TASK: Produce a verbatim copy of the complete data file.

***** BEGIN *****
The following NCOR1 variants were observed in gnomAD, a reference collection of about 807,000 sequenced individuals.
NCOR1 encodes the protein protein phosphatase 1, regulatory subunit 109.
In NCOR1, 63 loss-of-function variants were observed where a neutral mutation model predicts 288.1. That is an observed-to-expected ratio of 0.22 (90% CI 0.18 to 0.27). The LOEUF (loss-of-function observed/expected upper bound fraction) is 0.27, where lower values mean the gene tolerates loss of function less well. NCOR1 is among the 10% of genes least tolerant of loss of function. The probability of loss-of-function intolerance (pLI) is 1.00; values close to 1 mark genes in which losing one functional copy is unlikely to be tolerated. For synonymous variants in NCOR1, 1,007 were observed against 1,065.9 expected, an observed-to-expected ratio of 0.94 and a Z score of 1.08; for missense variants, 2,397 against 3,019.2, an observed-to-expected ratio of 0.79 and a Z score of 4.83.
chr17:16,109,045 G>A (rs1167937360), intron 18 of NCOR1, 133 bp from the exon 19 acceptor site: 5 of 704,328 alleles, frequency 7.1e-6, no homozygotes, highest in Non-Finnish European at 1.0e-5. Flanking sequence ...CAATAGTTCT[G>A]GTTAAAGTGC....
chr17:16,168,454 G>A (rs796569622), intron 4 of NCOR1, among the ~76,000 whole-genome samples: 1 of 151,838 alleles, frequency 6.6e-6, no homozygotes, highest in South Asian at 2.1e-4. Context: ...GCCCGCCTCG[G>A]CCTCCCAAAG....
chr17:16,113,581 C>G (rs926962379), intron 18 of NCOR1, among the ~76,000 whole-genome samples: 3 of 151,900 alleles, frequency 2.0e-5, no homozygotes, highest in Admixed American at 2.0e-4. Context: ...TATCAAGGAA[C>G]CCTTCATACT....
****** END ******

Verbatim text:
The following NCOR1 variants were observed in gnomAD, a reference collection of about 807,000 sequenced individuals.
NCOR1 encodes the protein protein phosphatase 1, regulatory subunit 109.
In NCOR1, 63 loss-of-function variants were observed where a neutral mutation model predicts 288.1. That is an observed-to-expected ratio of 0.22 (90% CI 0.18 to 0.27). The LOEUF (loss-of-function observed/expected upper bound fraction) is 0.27, where lower values mean the gene tolerates loss of function less well. NCOR1 is among the 10% of genes least tolerant of loss of function. The probability of loss-of-function intolerance (pLI) is 1.00; values close to 1 mark genes in which losing one functional copy is unlikely to be tolerated. For synonymous variants in NCOR1, 1,007 were observed against 1,065.9 expected, an observed-to-expected ratio of 0.94 and a Z score of 1.08; for missense variants, 2,397 against 3,019.2, an observed-to-expected ratio of 0.79 and a Z score of 4.83.
chr17:16,109,045 G>A (rs1167937360), intron 18 of NCOR1, 133 bp from the exon 19 acceptor site: 5 of 704,328 alleles, frequency 7.1e-6, no homozygotes, highest in Non-Finnish European at 1.0e-5. Flanking sequence ...CAATAGTTCT[G>A]GTTAAAGTGC....
chr17:16,168,454 G>A (rs796569622), intron 4 of NCOR1, among the ~76,000 whole-genome samples: 1 of 151,838 alleles, frequency 6.6e-6, no homozygotes, highest in South Asian at 2.1e-4. Context: ...GCCCGCCTCG[G>A]CCTCCCAAAG....
chr17:16,113,581 C>G (rs926962379), intron 18 of NCOR1, among the ~76,000 whole-genome samples: 3 of 151,900 alleles, frequency 2.0e-5, no homozygotes, highest in Admixed American at 2.0e-4. Context: ...TATCAAGGAA[C>G]CCTTCATACT....